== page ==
To the General Assembly:

     Pursuant to Article V, Section I, Paragraph 14 of the New Jersey Constitution, I am returning Assembly Committee Substitute for Assembly Bill No. 15 without my approval.

     In 2013, New Jersey residents voted to raise the minimum wage to $8.25, with annual adjustments thereafter based on the consumer price index.  At the time, I expressed my concern that such a measure failed to balance the needs of both the working poor and entrepreneurial businesses and would cost us jobs over the long run.  Despite having this constitutional mandate in place, less than three years later the Legislature now seeks to increase the minimum wage by almost 80%, to $15.00, by the year 2021.  New Jersey would be only the third state to adopt a minimum wage of $15. 

     While this bill’s proposed increase in the minimum wage surely is responsive to demands from Democratic legislators’ political patrons, it fails to consider the capacity of businesses, especially small businesses, to absorb the substantially increased labor costs it will impose.  One small business owner with two gas stations and convenience stores in Bergen County testified that this minimum wage increase would nearly double his payroll, from $380,000 to $680,000.  In the face of rising labor costs, the Wendy’s restaurant chain has already announced that it will roll out self-service kiosks and reduce its number of employees.  And Seattle, which began phasing in a $15 minimum wage last April, lost 900 restaurant jobs by October, reflecting the largest loss of jobs by that local sector since the Great Recession.


     The negative effects of this bill will extend well beyond the businesses most directly affected.  Many businesses will have no choice but to pass their increased labor costs on to consumers.  In Seattle and San Francisco (which also increased its minimum wage rate), the cost of a cup of coffee has gone up by as much as 50 cents.  More fundamentally, prices for food and basic necessities will increase across the board, impacting most significantly many of our senior citizens and others on fixed incomes.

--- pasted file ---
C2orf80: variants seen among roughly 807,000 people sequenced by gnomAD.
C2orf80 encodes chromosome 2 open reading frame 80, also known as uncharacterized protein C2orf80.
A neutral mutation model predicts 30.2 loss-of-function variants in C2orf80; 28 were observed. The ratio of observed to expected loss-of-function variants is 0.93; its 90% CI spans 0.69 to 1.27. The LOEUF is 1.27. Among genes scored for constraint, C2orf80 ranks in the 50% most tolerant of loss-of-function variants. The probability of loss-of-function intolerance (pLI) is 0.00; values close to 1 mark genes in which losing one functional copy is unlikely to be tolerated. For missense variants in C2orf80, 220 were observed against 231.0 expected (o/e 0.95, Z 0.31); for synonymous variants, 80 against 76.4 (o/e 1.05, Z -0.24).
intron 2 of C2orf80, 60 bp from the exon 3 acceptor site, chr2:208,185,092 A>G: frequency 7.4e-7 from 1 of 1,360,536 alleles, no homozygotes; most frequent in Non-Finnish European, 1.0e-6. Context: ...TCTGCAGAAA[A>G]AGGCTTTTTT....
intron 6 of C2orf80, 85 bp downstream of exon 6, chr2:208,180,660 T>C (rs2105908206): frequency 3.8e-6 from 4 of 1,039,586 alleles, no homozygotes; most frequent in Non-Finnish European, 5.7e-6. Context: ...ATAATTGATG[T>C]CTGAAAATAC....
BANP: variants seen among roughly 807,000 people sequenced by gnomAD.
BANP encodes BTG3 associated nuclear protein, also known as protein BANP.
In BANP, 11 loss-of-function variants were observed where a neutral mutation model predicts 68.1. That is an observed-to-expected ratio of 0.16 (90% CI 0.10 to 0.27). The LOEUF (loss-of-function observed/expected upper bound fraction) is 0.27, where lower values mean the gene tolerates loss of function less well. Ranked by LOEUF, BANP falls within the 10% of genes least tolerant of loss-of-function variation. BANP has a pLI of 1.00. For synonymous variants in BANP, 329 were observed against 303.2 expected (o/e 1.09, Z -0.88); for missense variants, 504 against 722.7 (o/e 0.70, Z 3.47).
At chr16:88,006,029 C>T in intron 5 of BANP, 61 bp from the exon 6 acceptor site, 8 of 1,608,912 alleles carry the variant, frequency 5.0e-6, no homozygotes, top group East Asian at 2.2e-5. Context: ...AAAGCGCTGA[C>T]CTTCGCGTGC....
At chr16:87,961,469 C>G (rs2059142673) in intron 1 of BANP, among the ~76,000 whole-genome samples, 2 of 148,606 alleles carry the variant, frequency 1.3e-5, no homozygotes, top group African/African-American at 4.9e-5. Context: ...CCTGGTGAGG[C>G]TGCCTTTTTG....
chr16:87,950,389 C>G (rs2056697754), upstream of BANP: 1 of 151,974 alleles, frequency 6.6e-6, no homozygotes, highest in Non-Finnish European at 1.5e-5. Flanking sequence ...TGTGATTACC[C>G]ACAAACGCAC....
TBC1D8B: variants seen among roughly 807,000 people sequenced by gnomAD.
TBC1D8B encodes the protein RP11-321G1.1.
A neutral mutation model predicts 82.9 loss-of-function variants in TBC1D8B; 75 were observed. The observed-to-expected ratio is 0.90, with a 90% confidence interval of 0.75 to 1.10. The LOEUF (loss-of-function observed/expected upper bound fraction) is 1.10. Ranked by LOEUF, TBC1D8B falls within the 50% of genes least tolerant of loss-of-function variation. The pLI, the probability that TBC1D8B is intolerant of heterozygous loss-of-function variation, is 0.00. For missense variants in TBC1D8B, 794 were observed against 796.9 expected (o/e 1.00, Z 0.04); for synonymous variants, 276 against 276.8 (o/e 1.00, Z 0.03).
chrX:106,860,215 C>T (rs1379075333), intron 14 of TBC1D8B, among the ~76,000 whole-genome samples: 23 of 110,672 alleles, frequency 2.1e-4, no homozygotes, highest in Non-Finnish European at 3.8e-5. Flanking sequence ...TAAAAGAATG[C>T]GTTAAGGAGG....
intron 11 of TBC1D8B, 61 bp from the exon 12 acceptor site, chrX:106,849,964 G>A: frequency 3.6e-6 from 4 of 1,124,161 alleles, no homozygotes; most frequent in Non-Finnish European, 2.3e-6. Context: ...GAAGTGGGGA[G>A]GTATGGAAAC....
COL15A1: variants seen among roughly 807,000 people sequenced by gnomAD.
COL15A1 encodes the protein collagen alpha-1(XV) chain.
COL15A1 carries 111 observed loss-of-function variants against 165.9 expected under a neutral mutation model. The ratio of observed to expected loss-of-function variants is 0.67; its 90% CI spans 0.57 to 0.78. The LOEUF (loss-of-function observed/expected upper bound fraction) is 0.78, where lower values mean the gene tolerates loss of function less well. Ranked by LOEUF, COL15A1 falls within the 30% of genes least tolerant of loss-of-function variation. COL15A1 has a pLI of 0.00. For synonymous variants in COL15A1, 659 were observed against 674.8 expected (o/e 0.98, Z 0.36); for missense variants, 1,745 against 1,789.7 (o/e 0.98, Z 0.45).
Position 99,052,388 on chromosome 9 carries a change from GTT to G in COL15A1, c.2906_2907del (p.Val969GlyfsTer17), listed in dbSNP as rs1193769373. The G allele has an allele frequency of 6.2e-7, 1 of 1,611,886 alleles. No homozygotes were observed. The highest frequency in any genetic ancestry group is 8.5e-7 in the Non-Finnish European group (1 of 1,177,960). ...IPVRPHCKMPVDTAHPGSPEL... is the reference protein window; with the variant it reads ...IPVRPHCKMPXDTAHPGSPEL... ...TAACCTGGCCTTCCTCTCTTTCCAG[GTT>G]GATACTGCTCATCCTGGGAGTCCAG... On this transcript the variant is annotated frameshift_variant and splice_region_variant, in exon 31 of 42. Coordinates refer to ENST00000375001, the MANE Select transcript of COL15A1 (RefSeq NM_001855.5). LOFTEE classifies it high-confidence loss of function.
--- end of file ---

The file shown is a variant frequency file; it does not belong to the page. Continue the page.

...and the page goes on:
The bottom line is that business owners facing added expenses from this bill in the form of increased payrolls, taxes and supply costs, will be confronted with four options, none of them good: lay off workers or cut back their hours; raise prices; leave New Jersey; or close altogether.  Each of these outcomes would be a significant step backward on the road to economic recovery and an affront to all of the accomplishments by New Jersey business owners over the past six-and-a-half years. 

Throughout my Administration, I have fought to make this State more competitive and to encourage businesses not only to move to New Jersey, but also to stay here, and to expand their operations and hire new employees.  From offering $380 million in unemployment insurance tax relief to merging the State’s economic development incentive programs through the Economic Opportunity Act, my Administration has worked tirelessly to enhance business and employment expansion efforts in New Jersey.  And these efforts have succeeded, resulting in overall decreases to the unemployment rate and increases in the labor participation rate. 


I cannot support a bill that will undermine the positive results we have achieved in New Jersey, especially in light of the current constitutional mandate to increase the minimum wage based on increases in the consumer price index, and the high taxes and stifling regulations our businesses already must endure.

Accordingly, I herewith return the Assembly Committee Substitute for Assembly Bill No. 15 without my approval.



    [seal]                       /s/Chris Christie







/s/ Thomas P. Scrivo


Chief Counsel to the Governor